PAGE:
Access "Security audit tools: Vendors every auditor should use"
This article is part of the March 2003 issue of Dollars and sense: Getting the security budget you need -- and spending it wisely
Here's a representative list1: Google A real hacker thinks outside the box and learns to use tools in a way they may not have been intended. While the Google search engine is not, strictly speaking, an auditing tool, it's great for gathering information about a site. For example, trying entering "@my company.com" (where "mycompany" is your domain). Sometimes, this can yield some good data, such as a system administrator posting technical details about his site, which conveniently contains his account name. Google is like the Unix "grep" command on steroids. Utility Tools These are single-purpose tools that may either be native to the operating system or freely available. Utility tools require a manual approach, though they are often included in customized scripts--or even commercial products. Pros: Utility tools are freely available and are tightly focused for a specific task, making them more efficient. Cons: It requires skill to use them. For a large audit, manual testing is time-consuming and may produce inconsistent results, depending on the skill of the... Access >>>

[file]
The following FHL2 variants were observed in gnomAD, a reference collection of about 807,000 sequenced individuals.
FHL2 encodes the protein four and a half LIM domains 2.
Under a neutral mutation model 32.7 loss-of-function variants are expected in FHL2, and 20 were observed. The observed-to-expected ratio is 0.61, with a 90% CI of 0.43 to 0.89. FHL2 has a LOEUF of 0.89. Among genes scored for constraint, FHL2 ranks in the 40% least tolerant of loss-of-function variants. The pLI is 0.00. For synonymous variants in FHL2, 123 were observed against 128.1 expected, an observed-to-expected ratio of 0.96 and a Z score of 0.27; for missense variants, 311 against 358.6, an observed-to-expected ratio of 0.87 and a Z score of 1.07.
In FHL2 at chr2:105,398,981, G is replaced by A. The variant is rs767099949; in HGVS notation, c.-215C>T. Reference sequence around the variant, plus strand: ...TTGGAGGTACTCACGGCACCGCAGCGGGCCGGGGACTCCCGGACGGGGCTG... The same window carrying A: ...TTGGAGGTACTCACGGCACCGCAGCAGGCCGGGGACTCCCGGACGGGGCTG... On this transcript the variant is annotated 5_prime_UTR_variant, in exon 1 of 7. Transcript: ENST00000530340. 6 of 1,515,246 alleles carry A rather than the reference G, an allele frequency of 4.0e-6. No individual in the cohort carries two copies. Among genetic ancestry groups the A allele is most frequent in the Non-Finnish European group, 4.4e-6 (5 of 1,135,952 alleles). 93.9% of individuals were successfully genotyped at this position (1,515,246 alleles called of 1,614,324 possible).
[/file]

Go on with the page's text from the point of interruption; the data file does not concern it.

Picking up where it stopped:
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Sidebar: An auditor should be familiar with a variety of tools and utilities, not just a single packaged scanner. They include utilities and power tools, both open source and commercial.
- Testing and comparing vulnerability analysis tools by Joel Snyder, Contributor
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As more security certifications become available, there's an even greater opportunity for acronym abuse.
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